The common stock or fund of a corporation. The sum of money raised by the subscriptions of the stockholders, and divided into shares. It is said to be the sum upon which calls may be made upon the stockholders, and dividends are to ba paid. Christensen v. Eno
, 106 N. Y. 97
, 12 N. E. 648
, 60 Am. Rep. 429; People v. Ooin'rs, 23 N. Y 219; State v. Jones, 51 Ohio St. 492, 37 N. E. 945; Burrall v. Raliroad Co., 75 N. Y. 216.
Originally "the capital stock of the bank" was all the property of every kind, everything, which the bank possessed. And this "capital stock," nil of it, in reality belonged t6 the contributors, it being entrusted to the bank to be used and traded with for their exclusive benefit; and thus the bank became the agent of the contributors, so that the transmutation of the money originally advanced by the subscribers into property of other kinds, though it altered the form of the investment, left its beneficial ownership unaffected ; and every new acquisition of property, by exchange or otherwise, was an acquisition for the original subscribers or their representatives, their respective interests in it all always continuing in the same proportion as in the aggregate capital originally advanced. So that, whether in the form of money, bills of exchange, or any other property in possession or in action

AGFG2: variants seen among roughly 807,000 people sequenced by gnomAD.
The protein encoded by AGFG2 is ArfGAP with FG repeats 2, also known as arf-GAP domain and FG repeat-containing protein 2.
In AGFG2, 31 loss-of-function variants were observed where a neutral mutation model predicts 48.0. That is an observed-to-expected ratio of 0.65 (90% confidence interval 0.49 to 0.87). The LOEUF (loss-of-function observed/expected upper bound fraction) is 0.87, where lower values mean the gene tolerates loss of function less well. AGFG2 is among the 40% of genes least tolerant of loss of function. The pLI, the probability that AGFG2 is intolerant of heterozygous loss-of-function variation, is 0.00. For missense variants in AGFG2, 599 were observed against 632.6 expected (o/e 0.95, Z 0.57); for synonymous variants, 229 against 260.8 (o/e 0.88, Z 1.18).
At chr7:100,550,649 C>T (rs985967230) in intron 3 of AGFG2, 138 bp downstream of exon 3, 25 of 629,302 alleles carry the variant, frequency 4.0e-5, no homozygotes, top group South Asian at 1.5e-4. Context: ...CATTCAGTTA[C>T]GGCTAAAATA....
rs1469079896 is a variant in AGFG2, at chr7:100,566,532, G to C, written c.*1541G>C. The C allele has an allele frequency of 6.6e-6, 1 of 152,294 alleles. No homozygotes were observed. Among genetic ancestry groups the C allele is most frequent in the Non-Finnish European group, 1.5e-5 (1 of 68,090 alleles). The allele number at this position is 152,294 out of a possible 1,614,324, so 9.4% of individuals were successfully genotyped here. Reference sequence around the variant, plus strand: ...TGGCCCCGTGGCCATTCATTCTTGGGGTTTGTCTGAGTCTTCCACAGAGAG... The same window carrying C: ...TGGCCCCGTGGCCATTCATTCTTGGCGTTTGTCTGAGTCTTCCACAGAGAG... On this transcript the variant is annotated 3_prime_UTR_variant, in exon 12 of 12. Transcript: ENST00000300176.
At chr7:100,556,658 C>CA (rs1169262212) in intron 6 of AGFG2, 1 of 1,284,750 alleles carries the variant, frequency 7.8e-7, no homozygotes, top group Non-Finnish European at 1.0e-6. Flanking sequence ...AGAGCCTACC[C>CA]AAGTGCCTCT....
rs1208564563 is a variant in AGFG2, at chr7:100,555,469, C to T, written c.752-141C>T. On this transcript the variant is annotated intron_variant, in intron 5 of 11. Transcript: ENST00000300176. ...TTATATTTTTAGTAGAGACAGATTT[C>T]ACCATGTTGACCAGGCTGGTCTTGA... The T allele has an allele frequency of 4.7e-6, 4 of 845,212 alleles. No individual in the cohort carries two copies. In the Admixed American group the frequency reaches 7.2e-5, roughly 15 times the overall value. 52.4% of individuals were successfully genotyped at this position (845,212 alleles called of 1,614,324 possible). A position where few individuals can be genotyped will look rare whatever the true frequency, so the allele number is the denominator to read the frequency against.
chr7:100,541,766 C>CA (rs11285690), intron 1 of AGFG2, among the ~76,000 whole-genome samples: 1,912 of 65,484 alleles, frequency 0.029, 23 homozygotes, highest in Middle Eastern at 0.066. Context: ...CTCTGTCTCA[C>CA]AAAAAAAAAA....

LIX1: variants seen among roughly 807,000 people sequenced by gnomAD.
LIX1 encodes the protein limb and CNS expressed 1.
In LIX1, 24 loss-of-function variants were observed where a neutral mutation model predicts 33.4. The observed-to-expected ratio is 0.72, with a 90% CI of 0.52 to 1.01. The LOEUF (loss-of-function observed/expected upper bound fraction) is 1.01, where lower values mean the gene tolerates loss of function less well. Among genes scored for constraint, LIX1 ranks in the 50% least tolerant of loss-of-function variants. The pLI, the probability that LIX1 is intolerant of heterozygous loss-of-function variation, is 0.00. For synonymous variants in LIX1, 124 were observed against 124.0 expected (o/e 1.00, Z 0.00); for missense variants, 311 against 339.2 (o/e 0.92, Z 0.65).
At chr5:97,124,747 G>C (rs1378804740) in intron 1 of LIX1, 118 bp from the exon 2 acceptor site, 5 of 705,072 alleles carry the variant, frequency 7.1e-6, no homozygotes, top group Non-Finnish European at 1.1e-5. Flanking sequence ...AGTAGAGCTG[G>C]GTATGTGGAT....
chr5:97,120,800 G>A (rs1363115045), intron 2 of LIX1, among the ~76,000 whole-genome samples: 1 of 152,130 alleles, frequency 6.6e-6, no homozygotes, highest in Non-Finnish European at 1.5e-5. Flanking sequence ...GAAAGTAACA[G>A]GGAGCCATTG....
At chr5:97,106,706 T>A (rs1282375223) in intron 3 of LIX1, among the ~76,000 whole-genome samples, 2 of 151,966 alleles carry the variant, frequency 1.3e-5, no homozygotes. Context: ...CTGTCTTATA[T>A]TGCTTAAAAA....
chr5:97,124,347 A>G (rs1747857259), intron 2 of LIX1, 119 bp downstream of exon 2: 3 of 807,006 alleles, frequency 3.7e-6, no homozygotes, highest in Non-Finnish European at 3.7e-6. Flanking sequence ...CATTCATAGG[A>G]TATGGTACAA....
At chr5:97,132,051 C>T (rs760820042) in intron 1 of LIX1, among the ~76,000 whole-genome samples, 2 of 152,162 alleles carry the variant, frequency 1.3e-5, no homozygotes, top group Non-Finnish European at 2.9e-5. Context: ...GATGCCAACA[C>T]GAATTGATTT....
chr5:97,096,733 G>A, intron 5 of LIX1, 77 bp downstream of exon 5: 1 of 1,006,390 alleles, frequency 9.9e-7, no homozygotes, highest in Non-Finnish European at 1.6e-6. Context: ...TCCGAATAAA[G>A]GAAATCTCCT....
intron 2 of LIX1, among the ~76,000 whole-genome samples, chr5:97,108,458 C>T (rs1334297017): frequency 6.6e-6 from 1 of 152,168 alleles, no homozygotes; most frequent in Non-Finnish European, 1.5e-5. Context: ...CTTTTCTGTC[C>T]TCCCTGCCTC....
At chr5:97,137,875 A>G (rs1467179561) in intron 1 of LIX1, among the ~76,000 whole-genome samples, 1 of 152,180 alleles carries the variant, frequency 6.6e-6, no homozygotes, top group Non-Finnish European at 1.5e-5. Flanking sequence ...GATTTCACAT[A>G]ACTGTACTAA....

into which the money originally contributed has been changed, or which it has produced, all is, as the original contribution was, the capital stock of the bank, held, as the original contribution was, for the exclusive benefit of the original contributors and those who represent them. The original contributors and those who represent them are the stockholders. New Haven v. City Bank, 31 Conn. 109.
Capital stock, as employed in acts of incorporation, is never used to indicate the value of the property of the company. It is very generally, if not universally, used to designate the amount of capital prescribed to be contributed at the outset by the stockholders, for the purposes of the corporation. The value of the corporate assets may be greatly increased by surplus profits, or be diminished by losses, but the amount of the capital stock remains the same. The funds of the company may fluctuate ; its capital stock remains invariable, unless changed by legislative authority. Canfield v. Fire Ass'n, 23 N. J. Law, 195.